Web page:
Marc Perelman pulls no punches in this succinct and searing broadside, assailing the ‘recent form of barbarism’ that is the global sporting event. Forget the Olympics and consider, under Perelman’s guidance, the ledger of inequities maintained by such supposedly harmless games.
They have provided a smokescreen for the forcible removal of ‘undesirables’; aided governments in the pursuit of racist agendas; affirmed the hypocrisy of drug-testing in an industry where doping is more an imperative than an aberration; and developed the pornographic hybrid that Perelman dubs ‘sporn’, a further twist in our corrupt obsession with the body.
Drawing examples from the modern history of the international sporting event, Perelman argues that today’s colosseums, upheld as examples of ‘health’, have become the steamroller for a decadent age fixated on competition, fame and elitism.
Paperback, 144 pages
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As neoliberal policies and monetary hegemony continue to dominate around the globe, protests for democracy and against the political elite are widespread. It is, yet again, kicking off everywhere.
With such an incredible history of grassroots protest in South America, it's no surprise that Brazilians and Chileans are the latest to take to the streets in mass demonstrations against corruption and their political leaders. In Brazil, what started out as a demonstration against bus and train fare increases turned into a much bigger protest about poor public services and the exorbitant cost of next year's World Cup. Meanwhile, in Chile's capital, mostly peaceful demonstrations erupted into battles with riot police as protesters demand education reform and wider distribution of Chile's wealth.
The following reading list from Verso suggests books to help us understand the multifaceted histories of uprising in Central and South America, as well as grasp the unfolding scenes of protest in recent weeks.
Why It's Still Kicking Off Everywhere: The New Global Revolutions
By Paul Mason
Originally published in 2012 to wide acclaim, this updated edition, Why It’s Still Kicking Off Everywhere, includes coverage of the most recent events in the wave of revolt and revolution sweeping the planet.
BBC journalist and author Paul Mason combines the anecdotes gleaned through first-hand reportage with political, economic and historical analysis to tell the story of today’s networked revolution.
Why It’s Still Kicking Off Everywhere not only addresses contemporary struggles, it provides insights into the future of global revolt.
Published by à l’encontre, 21 June 2013
By Michel Caillat and Marc Perelman
Most analysts have been able to understand and explain the genesis of the mass demonstrations that have taken place in Brazil in recent weeks. It was the rise in public transport fares that unleashed the nationwide wave of struggle, affecting all the major cities which must play host to the matches of the upcoming 2014 football World Cup. From this followed a whole cascade of demands concerning health, education, opposition to privatisation, opposition to repression, and generally standing up for public services, all of which have been put into question by the government of Dilma Rousseff and her friends in the Workers’ Party (PT). The ‘ocean of roses’ on which Lula thought he could navigate has transformed into a vast mass of thorns.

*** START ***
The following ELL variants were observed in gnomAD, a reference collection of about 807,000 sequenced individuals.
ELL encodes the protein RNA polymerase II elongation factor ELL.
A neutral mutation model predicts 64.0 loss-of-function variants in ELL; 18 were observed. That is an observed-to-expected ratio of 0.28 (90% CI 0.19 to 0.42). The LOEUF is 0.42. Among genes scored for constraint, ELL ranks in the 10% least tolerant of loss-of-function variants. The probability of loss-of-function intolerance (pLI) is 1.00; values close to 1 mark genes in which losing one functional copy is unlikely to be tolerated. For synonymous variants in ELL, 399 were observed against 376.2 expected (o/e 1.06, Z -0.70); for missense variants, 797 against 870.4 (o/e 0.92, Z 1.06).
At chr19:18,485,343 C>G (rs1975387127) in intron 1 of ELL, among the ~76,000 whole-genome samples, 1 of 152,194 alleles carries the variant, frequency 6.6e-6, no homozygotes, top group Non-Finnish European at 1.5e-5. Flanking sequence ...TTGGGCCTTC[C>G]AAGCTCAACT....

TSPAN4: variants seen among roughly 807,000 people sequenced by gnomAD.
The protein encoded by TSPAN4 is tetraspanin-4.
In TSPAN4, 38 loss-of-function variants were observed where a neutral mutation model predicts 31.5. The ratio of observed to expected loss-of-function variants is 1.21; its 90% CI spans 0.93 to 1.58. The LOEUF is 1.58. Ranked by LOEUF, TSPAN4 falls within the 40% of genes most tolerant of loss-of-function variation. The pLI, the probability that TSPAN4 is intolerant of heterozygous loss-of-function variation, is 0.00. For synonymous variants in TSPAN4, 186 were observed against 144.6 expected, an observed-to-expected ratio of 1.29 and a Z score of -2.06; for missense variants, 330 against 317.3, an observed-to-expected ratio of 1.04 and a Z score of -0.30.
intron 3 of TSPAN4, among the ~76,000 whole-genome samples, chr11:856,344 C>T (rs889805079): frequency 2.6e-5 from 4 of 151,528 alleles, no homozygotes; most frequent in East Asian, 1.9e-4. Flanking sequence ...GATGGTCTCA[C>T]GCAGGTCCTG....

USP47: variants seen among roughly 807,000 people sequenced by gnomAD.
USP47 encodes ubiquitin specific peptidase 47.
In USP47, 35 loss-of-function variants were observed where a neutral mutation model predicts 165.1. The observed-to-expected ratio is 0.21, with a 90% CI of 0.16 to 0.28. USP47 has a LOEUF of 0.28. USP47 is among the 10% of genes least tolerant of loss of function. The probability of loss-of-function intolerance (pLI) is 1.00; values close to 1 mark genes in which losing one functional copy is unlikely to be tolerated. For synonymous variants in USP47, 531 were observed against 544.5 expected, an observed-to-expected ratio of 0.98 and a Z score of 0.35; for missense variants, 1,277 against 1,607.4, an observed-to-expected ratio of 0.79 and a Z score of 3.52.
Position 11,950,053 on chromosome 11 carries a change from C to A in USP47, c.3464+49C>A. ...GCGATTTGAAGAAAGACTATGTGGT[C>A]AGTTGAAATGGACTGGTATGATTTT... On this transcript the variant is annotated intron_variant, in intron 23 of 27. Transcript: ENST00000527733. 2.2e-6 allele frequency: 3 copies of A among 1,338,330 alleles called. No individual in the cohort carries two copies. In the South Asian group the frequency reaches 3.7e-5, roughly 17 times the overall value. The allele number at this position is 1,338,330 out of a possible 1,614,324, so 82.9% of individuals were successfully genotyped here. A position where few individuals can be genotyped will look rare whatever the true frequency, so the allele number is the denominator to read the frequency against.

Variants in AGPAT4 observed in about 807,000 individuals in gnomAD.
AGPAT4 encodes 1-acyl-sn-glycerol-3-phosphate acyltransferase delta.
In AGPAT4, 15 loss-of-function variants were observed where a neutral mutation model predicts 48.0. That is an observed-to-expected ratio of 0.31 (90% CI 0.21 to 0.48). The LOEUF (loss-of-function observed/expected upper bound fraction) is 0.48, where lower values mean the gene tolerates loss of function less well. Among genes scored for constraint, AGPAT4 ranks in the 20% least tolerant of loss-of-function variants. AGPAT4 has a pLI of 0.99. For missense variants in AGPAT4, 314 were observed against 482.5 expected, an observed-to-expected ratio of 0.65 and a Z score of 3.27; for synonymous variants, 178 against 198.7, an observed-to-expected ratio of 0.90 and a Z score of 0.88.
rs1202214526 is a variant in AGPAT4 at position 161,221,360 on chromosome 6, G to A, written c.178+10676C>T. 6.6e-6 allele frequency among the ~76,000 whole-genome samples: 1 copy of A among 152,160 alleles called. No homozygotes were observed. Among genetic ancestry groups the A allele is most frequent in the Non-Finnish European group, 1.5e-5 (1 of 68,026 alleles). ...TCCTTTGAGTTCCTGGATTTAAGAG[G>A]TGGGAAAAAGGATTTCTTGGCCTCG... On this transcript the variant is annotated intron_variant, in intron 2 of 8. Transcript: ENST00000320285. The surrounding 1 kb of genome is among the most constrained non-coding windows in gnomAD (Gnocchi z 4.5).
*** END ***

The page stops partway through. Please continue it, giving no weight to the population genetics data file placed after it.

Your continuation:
“The end of the history of culture manifests itself in two opposing forms: the project of culture’s self-transcendence within total history, and its preservation as a dead object for spectacular contemplation. The first tendency has linked its fate to social critique, the second to the defense of class power.” - Guy Debord, The Society of the Spectacle
There was much to analyse in the Olympics opening ceremony, and many questions raised (the most obvious being ‘has someone spiked my drink?’). But the element that has drawn most debate has been the celebration of the NHS – a bizarre sequence of dancing nurses, children’s nightmares and a looming Lord Voldemort seen off by a squadron of Mary Poppinses.
It was instantly hailed by many on the left as a grand subversive gesture, one in the eye for Cameron and Boris and the rest, and a call to arms to defend the NHS.
At Lenin’s Tomb, Richard Seymour poured scorn on the spectacle as a rallying cry against the cuts:
Amid the general Sunday morning hangover, I hope those on the soft left who threw aside their probity for a saturnalian flag-fest are now in the mood to confess and repent. Lawks, Mary Poppins saving the NHS from Voldemort to the tune of Branson's money-spinner Tubular Bells! Let the Tories dare privatise the NHS now! (They're already doing it. They'll still be doing it on Monday. The fine nurses and doctors from Great Ormond Street Hospital danced in vain if this was supposed obstruct this determined class assault.).
But how genuinely subversive was the ceremony anyway? It may have had the Daily Mail and right-wing MPs and pundits frothing, but its content was obviously LOCOG-approved, and while Tory MP Aidan Burley called it “leftist crap”, it also had Boris Johnson crying “hot tears of patriotic pride”. Even the Nazi-impersonating MP Burley had to qualify his comments with “we all love the NHS”.